6 How to Load: Top Vs. Bottom-Loading Staple Guns

    Early in the year, we covered a seemingly simple topic—how to load your staple gun. For wood and upholstery professionals, the pneumatic staple gun is the tool of choice, but staples are some of the most confounding fasteners. The where and why of loading isn’t always so obvious, especially to the first-time staple gun user. In this post, we supplied simple step-by-steps for getting your stapler ready for work.

    7 Is Hitachi's Cordless Pin Nailer A Game Changer?

    Before shaking up the industry with their massive re-branding, Hitachi introduced an exciting new tool for the year—the 100% battery-powered NP18DSAL 23 gauge cordless pin nailer. The ability to drive 3,000 pins per charge at a rate of 2-3 pins per second was news. We were intrigued by the tool’s features, including its no-push sequential firing. Apparently, so were our readers. Did you invest in the Hitachi (we mean Metabo HPT) nailer? If so, let us know in the comments.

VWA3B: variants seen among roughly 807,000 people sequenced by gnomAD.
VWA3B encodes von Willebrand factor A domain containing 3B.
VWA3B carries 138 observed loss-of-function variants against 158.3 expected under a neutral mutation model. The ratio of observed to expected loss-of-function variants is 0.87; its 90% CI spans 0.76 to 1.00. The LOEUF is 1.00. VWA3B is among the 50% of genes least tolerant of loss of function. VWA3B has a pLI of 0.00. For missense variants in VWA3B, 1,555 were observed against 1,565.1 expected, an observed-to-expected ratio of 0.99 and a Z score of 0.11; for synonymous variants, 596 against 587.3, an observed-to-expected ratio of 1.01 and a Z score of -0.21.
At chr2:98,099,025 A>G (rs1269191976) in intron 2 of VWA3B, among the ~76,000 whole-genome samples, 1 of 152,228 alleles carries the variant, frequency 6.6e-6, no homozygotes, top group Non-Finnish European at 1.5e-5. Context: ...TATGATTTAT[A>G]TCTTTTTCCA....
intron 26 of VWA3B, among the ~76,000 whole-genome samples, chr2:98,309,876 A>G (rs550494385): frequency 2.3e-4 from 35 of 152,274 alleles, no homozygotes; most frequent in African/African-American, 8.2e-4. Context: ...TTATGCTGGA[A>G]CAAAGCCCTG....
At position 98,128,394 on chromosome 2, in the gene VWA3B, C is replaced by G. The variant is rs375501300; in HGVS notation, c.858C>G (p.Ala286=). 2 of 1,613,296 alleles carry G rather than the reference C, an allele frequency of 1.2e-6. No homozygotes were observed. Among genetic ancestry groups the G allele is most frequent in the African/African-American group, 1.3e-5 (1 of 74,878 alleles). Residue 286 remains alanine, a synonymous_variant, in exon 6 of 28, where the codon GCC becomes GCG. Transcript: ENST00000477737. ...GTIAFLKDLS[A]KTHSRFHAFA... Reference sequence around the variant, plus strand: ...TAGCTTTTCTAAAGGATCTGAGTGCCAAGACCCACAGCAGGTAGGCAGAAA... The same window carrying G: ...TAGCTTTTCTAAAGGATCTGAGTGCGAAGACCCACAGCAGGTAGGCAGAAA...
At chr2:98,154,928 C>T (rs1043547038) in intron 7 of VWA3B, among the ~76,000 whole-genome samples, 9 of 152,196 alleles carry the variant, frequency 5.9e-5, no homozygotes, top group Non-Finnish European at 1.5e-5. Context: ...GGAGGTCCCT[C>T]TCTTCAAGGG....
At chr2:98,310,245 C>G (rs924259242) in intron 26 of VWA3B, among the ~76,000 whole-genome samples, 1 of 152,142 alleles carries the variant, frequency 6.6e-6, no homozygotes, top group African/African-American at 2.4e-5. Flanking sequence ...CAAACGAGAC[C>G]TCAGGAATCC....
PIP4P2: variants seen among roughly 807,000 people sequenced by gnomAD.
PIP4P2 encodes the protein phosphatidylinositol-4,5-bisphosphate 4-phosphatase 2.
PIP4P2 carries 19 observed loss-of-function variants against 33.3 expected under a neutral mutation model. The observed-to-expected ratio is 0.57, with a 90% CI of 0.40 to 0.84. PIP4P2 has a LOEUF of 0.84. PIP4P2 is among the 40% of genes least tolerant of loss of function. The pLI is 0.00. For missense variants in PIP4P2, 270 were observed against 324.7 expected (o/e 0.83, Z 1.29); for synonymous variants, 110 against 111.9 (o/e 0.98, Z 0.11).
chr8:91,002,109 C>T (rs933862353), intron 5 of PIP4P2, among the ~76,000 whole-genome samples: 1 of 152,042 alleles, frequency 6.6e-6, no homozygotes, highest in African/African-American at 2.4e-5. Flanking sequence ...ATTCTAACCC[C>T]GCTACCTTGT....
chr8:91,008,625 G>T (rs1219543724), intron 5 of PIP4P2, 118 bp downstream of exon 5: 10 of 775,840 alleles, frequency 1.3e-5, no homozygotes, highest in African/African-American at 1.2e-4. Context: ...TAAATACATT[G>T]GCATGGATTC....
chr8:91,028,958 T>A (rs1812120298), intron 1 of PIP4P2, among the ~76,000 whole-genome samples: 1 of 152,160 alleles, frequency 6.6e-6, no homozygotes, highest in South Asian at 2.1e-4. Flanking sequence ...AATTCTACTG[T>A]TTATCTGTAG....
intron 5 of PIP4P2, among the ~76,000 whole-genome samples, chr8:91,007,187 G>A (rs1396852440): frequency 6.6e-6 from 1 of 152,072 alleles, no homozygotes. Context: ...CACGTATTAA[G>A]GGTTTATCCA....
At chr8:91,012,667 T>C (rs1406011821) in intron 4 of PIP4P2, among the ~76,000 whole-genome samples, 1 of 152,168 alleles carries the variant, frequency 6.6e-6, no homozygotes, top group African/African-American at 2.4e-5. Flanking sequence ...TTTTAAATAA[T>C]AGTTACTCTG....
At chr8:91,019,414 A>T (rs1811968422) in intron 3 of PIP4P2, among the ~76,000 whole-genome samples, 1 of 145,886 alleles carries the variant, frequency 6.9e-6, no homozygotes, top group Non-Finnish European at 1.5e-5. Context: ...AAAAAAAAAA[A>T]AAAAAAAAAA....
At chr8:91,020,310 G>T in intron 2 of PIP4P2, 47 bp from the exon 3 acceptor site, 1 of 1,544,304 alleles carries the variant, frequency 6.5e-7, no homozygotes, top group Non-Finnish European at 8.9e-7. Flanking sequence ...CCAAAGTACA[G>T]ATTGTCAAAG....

8 Under Pressure — PSI, CFM & Air Fittings Explained

    Do you know how your air compressor works? Or what the PSI of your tool means? We're not here to judge. We see the acronyms all the time, but don’t always have time to investigate. In our July article on common air compressor and air tool specs, we did so. Because the more you know…

    9 Paslode Hardienails: No Studs Required

    Fiber cement siding is not a new application. In fact, it’s been around for more than 100 years. But a durable new fastener, made of stainless steel, may significantly upgrade the installation process. And the bonus part—you don’t need to fasten the nails to the studs, relieving siding installers from several time-consuming parts of the process.

    10 Top Cold Weather Nail Gun Accessories

    Our final top-10 post of 2018 happens to have very good timing. Last winter, we suggested some must-have tools and accessories for working in cold weather. Let’s face it—just because we feel like going into hibernation mode, doesn’t mean work comes to a grinding halt. With the right tool oil, fuel cell and hose, you can maintain the same level of efficiency. In this article, we offered up some tips on how to keep your tools up to speed, even when the Fahrenheit takes a dive.

    Planning any big (or even small) projects this winter? Let us know!

     

    ~ The Nail Gun Depot Team